The heart is still aching to seek,
But the feet question 'Whither?'
— Robert Frost, from "Reluctance"
|A list of 'nations' in Sogdian|
from the Berlin Turfan Collection
These scraps of ancient paper with Sogdian writing from pre-Islamic Central Asia, from Sogdiana in fact, are little morsels I glom onto as I slog through information and possibilities to follow. For me, they are representations of the mysterious beauty of the Silk Road. The long tails of letters, the curves and twists — are they not like the long passes through the Pamirs?
|Image from Pamir Highway Adventure site|
The Sogdians were people in a region north of India and west of China who were the primary traders on the Silk Route. Their borders fluctuated with the spread of their language, Sogdian. This script is similar to medieval Iranian scripts.
I'm grateful I learned — better said, studied — Turkish in Latin script, not Ottoman:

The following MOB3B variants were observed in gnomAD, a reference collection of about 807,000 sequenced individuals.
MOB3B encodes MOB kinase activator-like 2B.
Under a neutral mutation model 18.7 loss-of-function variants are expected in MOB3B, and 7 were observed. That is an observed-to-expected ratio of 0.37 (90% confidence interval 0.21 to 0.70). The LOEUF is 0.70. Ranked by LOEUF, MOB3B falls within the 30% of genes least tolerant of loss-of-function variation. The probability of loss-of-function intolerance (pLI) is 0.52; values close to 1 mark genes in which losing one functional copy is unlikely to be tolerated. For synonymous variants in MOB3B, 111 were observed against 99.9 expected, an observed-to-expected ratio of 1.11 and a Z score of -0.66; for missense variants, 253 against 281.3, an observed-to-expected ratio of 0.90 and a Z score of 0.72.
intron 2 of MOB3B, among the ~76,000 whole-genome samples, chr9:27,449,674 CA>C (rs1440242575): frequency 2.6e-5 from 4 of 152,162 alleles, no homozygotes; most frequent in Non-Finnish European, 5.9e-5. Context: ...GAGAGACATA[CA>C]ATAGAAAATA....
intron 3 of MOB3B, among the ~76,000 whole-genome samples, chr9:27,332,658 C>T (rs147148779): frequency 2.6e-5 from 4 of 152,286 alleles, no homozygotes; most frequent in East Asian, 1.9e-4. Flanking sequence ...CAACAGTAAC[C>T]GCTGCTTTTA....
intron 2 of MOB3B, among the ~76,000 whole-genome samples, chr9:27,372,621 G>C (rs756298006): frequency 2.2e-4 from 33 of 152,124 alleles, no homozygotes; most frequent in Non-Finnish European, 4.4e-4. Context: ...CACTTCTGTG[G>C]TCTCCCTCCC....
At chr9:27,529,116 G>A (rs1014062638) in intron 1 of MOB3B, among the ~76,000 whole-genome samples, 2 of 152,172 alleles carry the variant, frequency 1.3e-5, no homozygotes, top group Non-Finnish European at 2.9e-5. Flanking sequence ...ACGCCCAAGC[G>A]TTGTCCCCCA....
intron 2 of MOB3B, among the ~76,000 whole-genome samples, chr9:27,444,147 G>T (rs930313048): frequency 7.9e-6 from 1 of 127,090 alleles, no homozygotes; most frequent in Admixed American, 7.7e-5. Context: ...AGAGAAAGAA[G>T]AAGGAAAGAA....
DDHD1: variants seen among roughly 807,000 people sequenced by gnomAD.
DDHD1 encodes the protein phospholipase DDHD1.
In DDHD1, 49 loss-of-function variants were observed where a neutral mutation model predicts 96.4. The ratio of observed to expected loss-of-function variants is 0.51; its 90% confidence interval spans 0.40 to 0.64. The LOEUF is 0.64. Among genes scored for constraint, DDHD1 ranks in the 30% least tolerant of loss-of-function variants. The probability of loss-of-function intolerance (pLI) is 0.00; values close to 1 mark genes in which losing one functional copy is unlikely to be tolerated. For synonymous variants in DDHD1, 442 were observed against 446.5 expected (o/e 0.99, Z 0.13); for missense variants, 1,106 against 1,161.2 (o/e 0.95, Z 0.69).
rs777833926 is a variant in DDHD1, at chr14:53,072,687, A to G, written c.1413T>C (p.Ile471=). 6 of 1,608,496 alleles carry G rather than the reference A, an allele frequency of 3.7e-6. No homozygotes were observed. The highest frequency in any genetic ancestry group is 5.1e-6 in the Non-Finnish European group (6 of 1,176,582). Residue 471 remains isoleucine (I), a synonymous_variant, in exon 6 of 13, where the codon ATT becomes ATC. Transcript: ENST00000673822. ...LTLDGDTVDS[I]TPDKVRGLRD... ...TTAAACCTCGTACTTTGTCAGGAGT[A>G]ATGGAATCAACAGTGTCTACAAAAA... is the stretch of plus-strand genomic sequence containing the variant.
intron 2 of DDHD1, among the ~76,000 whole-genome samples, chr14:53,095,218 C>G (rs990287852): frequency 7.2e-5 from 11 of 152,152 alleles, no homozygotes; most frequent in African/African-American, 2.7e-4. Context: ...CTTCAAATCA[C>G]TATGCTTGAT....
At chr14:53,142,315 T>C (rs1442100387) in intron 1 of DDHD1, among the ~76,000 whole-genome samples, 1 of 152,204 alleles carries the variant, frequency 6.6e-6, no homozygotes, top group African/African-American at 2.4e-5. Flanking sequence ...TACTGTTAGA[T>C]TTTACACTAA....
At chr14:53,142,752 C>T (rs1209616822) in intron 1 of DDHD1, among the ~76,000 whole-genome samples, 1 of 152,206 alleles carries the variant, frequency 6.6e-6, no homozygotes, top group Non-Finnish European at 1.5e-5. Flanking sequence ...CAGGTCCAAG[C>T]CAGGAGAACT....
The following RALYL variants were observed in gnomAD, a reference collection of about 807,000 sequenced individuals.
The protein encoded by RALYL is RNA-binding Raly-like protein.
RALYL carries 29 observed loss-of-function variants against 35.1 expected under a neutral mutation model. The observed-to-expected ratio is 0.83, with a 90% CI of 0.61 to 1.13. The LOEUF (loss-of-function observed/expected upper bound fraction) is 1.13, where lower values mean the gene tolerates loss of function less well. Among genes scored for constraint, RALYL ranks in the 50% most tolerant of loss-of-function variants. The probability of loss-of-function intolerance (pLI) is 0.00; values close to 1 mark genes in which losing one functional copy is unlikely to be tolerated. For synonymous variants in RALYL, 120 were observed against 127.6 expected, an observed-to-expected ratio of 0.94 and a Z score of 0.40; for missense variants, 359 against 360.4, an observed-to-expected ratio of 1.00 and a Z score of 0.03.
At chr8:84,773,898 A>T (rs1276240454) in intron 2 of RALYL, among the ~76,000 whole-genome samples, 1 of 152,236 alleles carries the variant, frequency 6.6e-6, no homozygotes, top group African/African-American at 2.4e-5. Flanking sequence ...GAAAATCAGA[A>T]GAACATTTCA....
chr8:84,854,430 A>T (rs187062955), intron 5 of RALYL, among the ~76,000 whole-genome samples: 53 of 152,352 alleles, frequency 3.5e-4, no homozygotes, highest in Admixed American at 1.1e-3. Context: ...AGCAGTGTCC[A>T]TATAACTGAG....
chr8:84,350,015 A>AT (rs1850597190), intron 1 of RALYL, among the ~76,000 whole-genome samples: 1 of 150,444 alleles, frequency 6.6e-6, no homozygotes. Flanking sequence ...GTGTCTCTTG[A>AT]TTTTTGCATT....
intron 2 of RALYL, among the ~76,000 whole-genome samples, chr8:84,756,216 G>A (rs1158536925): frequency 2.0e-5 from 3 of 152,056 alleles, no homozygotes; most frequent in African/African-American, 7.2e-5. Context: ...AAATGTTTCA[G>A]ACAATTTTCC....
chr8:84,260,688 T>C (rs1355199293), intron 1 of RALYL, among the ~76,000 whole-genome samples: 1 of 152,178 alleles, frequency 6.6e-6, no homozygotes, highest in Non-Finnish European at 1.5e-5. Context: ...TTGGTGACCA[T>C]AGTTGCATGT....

With so much history, research and scholarship about this part of the world, I have to pick out grains with my fingertips, crumbs to follow that will start to make connections. How is the Sogdian language and script like Arabic, Persian, and Sanskrit? Do I care about this? You can see that just following this path of crumbs — the scripts — would take a lifetime's study.
So my feet question, "Whither?"
I will probably do what I do in a new city when I travel: venture out and turn at corners or into alleys that intrigue. It is not easy finding new points of interest when you travel the same route day after day, like my drive to and from work. In my Midwestern way, I have lived a semi-nomadic life, having lived in 30+ houses in my 57 years. In fact, ten years in this farmhouse is the longest I've lived anywhere.